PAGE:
- Goals: Have some. Think about the key areas of your life and finish the sentence, “I want…” Then get specific. Oh, and no “dead person goals.”
- Agency: Switch from “I want..” to “I choose…” And remind yourself of relevant past success to increase that feeling of progress.
- Pathways: Play your “mental movie.” Focus on the middle of your journey. Anticipate obstacles and find multiple routes to overcome them. When plans fail, remember: You’re not bad; the plan was bad. So improve it.
What happens when we assemble the three? An upward spiral.
“Fill the GAP” and hope improves. With hope you know you can do it. Your confidence improves and so does your performance. This lets you set new goals and achieve them. With new memories of success you increase your agency. With added agency you look for more effective pathways and become more resourceful. And you just keep spiraling up.
In Dante’s “Inferno” there is a sign before the entrance to hell:
Abandon all hope ye who enter here.
Quite simply: hell is a place without hope. But there’s another sign I want to tell you about that’s more relevant for us…
For 99 years the 1906 earthquake was the worst natural disaster in US history. The quake itself was bad but the resulting fires were even worse — incinerating five square miles of downtown San Francisco, and destroying structures for 100 miles, all the way from San Jose to Santa Rosa. More than 3000 people died.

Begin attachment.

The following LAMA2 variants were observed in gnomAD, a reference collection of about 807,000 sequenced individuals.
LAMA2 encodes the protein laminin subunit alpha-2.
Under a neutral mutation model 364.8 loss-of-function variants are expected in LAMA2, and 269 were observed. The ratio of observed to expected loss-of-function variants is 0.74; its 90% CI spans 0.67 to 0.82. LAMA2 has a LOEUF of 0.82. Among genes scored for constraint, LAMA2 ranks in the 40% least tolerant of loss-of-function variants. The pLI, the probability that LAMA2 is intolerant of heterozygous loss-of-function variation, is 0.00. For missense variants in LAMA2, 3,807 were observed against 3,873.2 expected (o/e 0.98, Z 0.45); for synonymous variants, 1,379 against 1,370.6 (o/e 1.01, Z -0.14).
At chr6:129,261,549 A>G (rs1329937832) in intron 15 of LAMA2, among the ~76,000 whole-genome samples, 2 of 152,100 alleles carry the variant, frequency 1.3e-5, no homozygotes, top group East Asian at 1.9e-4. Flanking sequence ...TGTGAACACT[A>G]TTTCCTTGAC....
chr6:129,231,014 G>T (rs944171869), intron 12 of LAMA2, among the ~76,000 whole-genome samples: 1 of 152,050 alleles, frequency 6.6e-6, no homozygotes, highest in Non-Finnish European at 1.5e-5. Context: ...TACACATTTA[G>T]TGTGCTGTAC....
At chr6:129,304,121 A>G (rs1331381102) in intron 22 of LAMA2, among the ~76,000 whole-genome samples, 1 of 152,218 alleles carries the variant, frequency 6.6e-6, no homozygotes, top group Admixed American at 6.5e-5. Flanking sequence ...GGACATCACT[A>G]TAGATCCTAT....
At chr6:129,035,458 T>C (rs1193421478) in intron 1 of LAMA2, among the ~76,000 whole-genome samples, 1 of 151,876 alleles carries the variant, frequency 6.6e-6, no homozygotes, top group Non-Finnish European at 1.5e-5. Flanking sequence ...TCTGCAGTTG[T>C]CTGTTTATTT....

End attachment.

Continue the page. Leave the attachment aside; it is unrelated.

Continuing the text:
But yet again, hope reigned. And it wasn’t just blind optimistic thinking. People took action. They got out there and helped one another. Dorothy Day was only 8 years old at the time but she later recounted her memories of the aftermath.
From A Paradise Built in Hell:
“What I remember most plainly about the earthquake was the human warmth and kindliness of everyone afterward. For days refugees poured out of burning San Francisco and camped in Idora Park and the race track in Oakland. People came in their night clothes; there were newborn babies. Mother and all our neighbors were busy from morning to night cooking hot meals. They gave away every extra garment they possessed. They stripped themselves to the bone in giving, forgetful of the morrow. While the crisis lasted, people loved each other.”
Amelia Hoshouser fed people from a tent, creating a makeshift soup kitchen. And outside that tent she hung a sign:
One Touch of Nature Makes the Whole World Kin
Just as all of us are now. And we’ll make our lives, our societies and our world better than it was with our efforts today.
Amelia’s sign is our sign. Dante’s isn’t.
Because we have hope.
This article first appeared on Barking Up The Wrong Tree.